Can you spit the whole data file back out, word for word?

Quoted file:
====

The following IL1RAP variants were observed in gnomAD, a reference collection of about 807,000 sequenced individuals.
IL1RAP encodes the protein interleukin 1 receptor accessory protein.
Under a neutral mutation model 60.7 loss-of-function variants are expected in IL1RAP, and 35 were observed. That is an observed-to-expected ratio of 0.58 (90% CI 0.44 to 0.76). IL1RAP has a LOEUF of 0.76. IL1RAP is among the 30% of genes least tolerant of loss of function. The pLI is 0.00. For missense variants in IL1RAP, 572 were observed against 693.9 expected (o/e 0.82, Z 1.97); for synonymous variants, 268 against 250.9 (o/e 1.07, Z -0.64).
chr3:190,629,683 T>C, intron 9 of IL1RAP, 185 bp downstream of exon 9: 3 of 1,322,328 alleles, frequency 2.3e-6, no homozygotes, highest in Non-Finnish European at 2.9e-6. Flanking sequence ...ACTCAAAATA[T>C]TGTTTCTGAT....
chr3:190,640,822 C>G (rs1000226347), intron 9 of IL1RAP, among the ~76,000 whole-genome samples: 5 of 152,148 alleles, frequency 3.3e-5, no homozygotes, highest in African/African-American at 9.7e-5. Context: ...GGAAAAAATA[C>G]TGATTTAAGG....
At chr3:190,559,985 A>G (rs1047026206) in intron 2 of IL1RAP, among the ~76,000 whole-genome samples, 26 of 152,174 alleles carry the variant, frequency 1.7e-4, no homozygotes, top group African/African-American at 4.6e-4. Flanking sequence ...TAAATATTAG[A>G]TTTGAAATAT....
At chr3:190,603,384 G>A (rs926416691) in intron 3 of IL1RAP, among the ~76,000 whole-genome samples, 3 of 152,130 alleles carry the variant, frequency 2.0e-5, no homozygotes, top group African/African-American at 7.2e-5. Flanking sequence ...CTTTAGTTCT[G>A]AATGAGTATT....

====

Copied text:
The following IL1RAP variants were observed in gnomAD, a reference collection of about 807,000 sequenced individuals.
IL1RAP encodes the protein interleukin 1 receptor accessory protein.
Under a neutral mutation model 60.7 loss-of-function variants are expected in IL1RAP, and 35 were observed. That is an observed-to-expected ratio of 0.58 (90% CI 0.44 to 0.76). IL1RAP has a LOEUF of 0.76. IL1RAP is among the 30% of genes least tolerant of loss of function. The pLI is 0.00. For missense variants in IL1RAP, 572 were observed against 693.9 expected (o/e 0.82, Z 1.97); for synonymous variants, 268 against 250.9 (o/e 1.07, Z -0.64).
chr3:190,629,683 T>C, intron 9 of IL1RAP, 185 bp downstream of exon 9: 3 of 1,322,328 alleles, frequency 2.3e-6, no homozygotes, highest in Non-Finnish European at 2.9e-6. Flanking sequence ...ACTCAAAATA[T>C]TGTTTCTGAT....
chr3:190,640,822 C>G (rs1000226347), intron 9 of IL1RAP, among the ~76,000 whole-genome samples: 5 of 152,148 alleles, frequency 3.3e-5, no homozygotes, highest in African/African-American at 9.7e-5. Context: ...GGAAAAAATA[C>G]TGATTTAAGG....
At chr3:190,559,985 A>G (rs1047026206) in intron 2 of IL1RAP, among the ~76,000 whole-genome samples, 26 of 152,174 alleles carry the variant, frequency 1.7e-4, no homozygotes, top group African/African-American at 4.6e-4. Flanking sequence ...TAAATATTAG[A>G]TTTGAAATAT....
At chr3:190,603,384 G>A (rs926416691) in intron 3 of IL1RAP, among the ~76,000 whole-genome samples, 3 of 152,130 alleles carry the variant, frequency 2.0e-5, no homozygotes, top group African/African-American at 7.2e-5. Flanking sequence ...CTTTAGTTCT[G>A]AATGAGTATT....